Monday, February 4, 2013

Monday Musings: Writing when you don't feel like it

I'm finding the title of this blog post kind of ironic because I've already started and deleted at least two posts since settling on this topic. So, yeah, I guess it just goes to show you that even writers don't feel like writing at times, doesn't it?

 The hardest thing about writing, for me, is pushing through even when I feel like whatever I'm working on isn't working. You see, it's not even external critics that really get to me, it's my own internal critic who doesn't seem to like what I'm writing as my fingers are tapping on the keys. However, when I go back and read, I feel better. I can see the threads of the story, and I know it's there, no matter how much I might have suspected it wasn't. There are times when I have to tear away a lot of the fabric so that I can get at those nice, neat stitches, but that's okay--or, at least, I'm learning to accept that it is. For a long time, I felt like the words had to come out fully formed and, if they weren't perfect they weren't worth saving and I should just get rid of them. Now, I go with the flow because I'm learning that I can always go back and fix what needs fixing.

Writing has long been a hobby of mine, and the way I used to write goes exactly with what the word "hobby" implies. I would go months or years without writing because I would wait for the fever to overtake me, until the need to write was so powerful that I could no longer ignore it. I don't do that anymore. Instead, I write at least five days a week. I sit in a chair, I put my hands over the keyboard, and I make myself type. I'm not sure I ever appreciated before just how much discipline it takes to be a writer. It's hard to fall into the trap of "Oh, I'm just not inspired today. I think I'll go fool around and play The Sims instead." Like most things that we find difficult, it's easy to come up with reasons why we can't do that thing, and writing is no exception.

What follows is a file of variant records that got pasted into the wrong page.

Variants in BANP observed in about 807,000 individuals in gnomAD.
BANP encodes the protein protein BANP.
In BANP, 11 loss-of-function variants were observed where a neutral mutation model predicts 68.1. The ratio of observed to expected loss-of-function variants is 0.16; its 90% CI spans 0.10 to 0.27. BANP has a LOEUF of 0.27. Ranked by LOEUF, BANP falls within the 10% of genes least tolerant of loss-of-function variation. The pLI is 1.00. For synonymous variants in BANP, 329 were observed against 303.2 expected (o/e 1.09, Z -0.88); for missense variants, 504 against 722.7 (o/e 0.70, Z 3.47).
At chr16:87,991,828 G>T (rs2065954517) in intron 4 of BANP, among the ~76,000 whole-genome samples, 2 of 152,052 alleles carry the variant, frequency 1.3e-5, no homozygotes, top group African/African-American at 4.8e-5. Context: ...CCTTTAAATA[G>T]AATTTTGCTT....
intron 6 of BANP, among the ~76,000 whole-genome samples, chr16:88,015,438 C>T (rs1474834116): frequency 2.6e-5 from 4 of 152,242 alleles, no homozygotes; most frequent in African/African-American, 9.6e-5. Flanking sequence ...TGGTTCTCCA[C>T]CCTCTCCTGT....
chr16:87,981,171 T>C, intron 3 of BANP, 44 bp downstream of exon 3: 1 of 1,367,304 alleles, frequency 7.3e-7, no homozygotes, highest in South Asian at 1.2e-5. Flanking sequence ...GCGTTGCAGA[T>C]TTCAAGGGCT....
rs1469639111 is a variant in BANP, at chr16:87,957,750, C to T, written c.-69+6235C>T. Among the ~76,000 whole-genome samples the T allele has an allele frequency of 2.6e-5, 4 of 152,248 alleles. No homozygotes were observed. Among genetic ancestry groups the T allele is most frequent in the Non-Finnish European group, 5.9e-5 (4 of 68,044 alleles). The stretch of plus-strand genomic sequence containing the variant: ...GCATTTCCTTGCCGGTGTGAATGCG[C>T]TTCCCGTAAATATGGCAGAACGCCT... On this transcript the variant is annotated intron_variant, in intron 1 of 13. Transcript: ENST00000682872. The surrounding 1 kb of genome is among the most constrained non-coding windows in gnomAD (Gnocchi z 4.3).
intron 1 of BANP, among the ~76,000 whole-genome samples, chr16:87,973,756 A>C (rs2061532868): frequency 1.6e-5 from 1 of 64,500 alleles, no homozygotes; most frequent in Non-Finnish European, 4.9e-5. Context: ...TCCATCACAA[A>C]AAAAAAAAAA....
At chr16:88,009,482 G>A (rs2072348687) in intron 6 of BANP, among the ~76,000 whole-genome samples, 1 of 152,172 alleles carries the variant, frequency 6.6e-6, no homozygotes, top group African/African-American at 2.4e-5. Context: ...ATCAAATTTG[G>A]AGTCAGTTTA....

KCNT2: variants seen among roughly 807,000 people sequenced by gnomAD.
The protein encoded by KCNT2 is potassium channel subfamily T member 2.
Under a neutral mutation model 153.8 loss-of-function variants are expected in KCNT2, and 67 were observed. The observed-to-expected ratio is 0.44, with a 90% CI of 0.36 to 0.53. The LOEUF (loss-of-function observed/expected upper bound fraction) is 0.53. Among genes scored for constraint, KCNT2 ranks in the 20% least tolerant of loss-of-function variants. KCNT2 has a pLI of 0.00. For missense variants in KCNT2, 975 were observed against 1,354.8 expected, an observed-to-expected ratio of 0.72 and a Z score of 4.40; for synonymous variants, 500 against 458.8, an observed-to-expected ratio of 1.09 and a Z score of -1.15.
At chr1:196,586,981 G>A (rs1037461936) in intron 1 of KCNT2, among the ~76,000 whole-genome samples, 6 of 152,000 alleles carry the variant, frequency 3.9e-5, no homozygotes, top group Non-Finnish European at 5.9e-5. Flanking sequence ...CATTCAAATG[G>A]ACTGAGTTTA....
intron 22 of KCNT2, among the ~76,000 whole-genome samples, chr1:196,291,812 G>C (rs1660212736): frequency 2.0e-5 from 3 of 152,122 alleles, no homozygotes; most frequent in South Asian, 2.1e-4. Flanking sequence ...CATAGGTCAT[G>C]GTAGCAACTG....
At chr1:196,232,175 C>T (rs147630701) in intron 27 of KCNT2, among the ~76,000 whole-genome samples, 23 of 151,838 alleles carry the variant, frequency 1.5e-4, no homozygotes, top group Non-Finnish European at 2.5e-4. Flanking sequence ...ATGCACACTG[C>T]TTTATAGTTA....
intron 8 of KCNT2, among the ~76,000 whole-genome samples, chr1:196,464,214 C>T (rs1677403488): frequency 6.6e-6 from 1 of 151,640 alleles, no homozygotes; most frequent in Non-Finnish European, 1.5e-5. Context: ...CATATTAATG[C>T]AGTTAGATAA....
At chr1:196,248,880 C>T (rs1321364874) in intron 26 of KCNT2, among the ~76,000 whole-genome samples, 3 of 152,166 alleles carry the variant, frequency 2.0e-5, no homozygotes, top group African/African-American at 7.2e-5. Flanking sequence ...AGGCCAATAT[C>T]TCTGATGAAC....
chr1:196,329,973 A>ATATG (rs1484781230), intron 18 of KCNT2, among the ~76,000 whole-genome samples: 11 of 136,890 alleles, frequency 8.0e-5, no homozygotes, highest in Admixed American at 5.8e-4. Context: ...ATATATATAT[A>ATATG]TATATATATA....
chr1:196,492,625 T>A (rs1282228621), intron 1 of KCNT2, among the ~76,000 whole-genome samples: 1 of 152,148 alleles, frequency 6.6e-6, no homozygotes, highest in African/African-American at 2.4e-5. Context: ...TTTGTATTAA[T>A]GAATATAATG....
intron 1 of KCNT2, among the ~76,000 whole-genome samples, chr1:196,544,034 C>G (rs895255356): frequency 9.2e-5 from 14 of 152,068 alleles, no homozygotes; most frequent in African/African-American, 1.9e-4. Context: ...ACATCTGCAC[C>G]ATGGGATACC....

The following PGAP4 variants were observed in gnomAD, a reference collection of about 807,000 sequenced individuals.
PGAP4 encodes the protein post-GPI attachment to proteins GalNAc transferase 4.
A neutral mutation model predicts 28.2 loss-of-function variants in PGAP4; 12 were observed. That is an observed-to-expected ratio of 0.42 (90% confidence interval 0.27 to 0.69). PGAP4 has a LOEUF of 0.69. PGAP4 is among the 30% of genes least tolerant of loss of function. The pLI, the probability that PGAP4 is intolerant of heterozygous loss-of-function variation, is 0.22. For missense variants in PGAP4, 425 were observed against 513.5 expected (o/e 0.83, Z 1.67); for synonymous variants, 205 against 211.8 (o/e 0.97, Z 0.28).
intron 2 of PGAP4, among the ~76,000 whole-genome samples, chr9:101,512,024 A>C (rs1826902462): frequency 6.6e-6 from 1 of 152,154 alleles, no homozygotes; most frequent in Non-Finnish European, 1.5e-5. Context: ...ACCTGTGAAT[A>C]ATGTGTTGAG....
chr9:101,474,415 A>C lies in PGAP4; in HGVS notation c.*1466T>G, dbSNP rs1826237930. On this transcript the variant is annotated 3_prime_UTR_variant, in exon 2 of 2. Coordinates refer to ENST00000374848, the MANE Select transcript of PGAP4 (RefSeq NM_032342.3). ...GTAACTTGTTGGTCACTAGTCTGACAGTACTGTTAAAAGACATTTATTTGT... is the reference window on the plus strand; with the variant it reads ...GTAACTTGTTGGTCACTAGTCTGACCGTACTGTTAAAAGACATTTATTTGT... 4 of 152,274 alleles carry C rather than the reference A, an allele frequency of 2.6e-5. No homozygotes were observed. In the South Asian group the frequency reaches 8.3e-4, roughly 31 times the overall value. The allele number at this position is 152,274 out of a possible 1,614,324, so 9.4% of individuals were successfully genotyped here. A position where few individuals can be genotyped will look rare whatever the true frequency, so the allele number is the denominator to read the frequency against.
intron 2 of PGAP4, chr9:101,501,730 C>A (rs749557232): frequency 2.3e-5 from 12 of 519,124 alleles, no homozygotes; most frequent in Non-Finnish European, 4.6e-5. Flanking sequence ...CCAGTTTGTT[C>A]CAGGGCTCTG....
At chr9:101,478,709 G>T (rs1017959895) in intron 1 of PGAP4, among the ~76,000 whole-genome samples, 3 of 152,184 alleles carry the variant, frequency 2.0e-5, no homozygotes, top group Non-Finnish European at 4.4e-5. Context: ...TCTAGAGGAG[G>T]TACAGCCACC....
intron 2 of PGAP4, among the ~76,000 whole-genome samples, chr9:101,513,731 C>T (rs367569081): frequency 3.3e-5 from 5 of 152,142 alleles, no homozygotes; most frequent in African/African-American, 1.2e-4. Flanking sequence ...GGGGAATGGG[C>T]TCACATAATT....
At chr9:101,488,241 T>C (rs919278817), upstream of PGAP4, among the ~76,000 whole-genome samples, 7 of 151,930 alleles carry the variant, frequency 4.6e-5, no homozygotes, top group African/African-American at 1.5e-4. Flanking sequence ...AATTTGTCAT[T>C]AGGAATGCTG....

What I'm coming to understand is this: writing is work. It isn't physically intense work. Why else would so many writers have treadmill desks if not because we writers tend to spend a lot of our time just sitting? But writing is a lot of mental work, and that mental work can be very exhausting. Some days I feel completely drained, like there isn't one drop of creativity left in my body. I find myself wondering if my head is a bottomless pit of ideas, or if it's more like a well that will one day run dry. But then I start writing, the story takes shape, and I have hope that I have at least one more in me, and that, in a nutshell, is why I make myself write when I don't feel like it.